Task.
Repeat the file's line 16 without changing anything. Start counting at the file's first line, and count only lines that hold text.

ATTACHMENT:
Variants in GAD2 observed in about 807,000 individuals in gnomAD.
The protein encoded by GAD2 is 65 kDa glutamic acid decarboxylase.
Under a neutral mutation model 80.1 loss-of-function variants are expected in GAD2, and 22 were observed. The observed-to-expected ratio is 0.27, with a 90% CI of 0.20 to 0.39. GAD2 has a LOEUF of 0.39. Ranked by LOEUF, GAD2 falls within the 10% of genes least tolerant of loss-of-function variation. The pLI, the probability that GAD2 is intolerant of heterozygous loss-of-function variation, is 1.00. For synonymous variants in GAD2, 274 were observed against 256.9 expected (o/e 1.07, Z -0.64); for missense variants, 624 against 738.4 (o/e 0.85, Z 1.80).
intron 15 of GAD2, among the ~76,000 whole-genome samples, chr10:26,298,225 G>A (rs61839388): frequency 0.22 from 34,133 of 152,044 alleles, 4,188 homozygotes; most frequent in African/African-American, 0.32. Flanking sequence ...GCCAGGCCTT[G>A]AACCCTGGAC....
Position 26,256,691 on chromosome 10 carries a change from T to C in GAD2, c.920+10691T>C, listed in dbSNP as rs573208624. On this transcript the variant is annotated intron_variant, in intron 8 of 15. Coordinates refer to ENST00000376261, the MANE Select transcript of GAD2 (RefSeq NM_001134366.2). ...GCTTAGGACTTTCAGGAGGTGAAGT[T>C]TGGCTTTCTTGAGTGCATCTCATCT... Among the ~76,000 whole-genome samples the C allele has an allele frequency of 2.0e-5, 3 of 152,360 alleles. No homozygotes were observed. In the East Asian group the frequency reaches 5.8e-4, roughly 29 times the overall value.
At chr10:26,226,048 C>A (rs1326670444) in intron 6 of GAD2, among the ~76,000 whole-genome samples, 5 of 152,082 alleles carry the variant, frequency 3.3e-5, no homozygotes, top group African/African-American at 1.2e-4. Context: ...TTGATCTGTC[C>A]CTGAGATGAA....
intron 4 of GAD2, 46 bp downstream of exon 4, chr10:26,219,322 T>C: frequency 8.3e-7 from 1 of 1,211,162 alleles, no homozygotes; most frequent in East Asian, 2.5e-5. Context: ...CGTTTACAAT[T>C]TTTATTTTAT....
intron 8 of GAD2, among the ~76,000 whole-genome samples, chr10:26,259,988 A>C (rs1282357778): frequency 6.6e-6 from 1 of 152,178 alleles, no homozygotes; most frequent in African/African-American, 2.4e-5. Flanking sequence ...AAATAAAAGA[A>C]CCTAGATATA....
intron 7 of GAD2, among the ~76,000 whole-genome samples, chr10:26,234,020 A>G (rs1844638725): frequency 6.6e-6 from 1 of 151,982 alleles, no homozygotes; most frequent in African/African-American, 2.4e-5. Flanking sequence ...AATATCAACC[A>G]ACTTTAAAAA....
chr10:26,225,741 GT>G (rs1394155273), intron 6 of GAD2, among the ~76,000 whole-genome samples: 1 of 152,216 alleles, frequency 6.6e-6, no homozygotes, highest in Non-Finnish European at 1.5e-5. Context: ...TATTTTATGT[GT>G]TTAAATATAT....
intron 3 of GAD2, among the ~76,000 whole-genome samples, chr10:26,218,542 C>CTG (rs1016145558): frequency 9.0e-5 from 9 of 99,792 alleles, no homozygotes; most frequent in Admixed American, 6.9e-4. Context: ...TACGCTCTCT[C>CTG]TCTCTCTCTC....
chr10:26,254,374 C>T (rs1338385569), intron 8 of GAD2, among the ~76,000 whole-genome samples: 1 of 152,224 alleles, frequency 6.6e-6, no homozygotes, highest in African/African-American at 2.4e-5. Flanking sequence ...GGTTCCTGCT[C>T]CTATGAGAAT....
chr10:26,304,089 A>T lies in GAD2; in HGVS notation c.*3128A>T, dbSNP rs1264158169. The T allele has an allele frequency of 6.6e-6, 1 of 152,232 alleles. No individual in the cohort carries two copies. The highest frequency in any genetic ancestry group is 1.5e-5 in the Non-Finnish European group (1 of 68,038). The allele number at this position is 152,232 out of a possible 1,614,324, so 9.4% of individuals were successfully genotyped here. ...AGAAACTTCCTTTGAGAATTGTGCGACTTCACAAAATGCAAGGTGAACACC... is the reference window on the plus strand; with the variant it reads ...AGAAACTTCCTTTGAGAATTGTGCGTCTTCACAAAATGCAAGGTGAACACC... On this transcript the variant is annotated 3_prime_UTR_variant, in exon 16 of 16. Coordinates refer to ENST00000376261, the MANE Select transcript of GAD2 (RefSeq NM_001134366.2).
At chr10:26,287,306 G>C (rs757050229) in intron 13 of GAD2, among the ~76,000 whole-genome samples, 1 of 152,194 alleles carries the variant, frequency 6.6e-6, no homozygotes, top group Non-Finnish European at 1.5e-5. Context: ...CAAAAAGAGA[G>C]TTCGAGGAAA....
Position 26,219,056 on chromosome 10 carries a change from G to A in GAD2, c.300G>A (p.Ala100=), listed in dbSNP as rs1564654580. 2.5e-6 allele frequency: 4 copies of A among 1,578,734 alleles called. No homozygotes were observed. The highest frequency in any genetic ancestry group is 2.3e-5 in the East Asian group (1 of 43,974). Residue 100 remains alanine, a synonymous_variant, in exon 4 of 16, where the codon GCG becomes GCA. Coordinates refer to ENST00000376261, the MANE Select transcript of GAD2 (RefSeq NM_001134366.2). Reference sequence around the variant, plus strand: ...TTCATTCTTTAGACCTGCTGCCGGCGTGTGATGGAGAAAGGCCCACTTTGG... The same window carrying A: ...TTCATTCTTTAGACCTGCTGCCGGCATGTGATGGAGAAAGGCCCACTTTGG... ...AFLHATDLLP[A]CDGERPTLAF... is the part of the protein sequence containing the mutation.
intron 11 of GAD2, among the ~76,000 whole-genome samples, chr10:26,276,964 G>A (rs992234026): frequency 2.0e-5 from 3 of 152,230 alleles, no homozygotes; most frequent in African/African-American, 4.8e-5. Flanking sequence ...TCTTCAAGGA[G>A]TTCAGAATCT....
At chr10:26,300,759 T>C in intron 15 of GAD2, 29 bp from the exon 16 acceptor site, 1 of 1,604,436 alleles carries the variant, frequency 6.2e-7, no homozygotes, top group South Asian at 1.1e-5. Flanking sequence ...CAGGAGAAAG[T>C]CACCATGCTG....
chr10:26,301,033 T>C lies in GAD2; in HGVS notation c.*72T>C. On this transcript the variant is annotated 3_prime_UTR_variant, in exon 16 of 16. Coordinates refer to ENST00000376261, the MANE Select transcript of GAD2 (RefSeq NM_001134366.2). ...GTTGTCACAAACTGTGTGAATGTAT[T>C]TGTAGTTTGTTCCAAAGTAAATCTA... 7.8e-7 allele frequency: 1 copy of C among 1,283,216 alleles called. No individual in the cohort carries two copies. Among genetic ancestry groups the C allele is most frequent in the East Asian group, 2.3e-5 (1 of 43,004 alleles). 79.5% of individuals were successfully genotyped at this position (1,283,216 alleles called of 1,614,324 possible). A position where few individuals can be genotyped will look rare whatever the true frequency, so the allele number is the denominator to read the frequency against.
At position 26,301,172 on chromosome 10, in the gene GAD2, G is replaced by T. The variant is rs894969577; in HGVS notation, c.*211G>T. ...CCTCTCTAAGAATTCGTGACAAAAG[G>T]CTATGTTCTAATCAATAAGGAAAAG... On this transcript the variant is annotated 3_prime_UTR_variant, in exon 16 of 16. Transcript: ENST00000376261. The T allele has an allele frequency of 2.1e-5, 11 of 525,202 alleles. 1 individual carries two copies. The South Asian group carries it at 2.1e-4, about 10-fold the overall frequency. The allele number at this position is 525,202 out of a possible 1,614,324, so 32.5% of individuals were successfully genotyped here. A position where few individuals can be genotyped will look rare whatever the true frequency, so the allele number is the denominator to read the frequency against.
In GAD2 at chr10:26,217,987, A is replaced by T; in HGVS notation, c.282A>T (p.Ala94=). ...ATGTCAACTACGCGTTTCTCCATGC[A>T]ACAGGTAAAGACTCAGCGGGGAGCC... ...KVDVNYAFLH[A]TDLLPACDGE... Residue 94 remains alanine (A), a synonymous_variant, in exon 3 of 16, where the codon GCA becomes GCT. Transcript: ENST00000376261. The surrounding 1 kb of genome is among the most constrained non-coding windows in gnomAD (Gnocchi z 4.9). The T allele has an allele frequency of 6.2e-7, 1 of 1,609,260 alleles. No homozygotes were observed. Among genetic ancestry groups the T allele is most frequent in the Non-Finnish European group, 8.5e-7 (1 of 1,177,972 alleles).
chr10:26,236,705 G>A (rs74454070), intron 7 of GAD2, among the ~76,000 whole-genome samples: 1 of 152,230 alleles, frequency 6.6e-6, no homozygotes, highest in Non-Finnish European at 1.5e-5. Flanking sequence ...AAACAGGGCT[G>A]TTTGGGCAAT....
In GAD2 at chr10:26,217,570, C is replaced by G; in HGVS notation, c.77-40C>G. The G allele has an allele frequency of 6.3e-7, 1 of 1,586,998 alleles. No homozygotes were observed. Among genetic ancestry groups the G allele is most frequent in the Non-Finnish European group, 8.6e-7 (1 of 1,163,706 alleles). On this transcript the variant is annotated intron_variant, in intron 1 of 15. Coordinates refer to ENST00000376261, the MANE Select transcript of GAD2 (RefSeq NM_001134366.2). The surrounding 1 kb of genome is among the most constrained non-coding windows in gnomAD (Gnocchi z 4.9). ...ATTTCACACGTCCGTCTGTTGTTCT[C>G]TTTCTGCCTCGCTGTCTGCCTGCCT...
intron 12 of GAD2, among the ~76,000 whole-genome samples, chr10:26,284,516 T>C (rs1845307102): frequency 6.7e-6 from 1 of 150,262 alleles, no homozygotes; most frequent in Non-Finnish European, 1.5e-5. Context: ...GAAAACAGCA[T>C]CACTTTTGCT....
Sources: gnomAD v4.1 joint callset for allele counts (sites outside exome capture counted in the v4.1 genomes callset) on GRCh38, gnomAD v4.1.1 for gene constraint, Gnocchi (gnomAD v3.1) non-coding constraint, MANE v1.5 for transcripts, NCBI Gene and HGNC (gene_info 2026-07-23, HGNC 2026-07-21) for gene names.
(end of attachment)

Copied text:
intron 11 of GAD2, among the ~76,000 whole-genome samples, chr10:26,276,964 G>A (rs992234026): frequency 2.0e-5 from 3 of 152,230 alleles, no homozygotes; most frequent in African/African-American, 4.8e-5. Flanking sequence ...TCTTCAAGGA[G>A]TTCAGAATCT....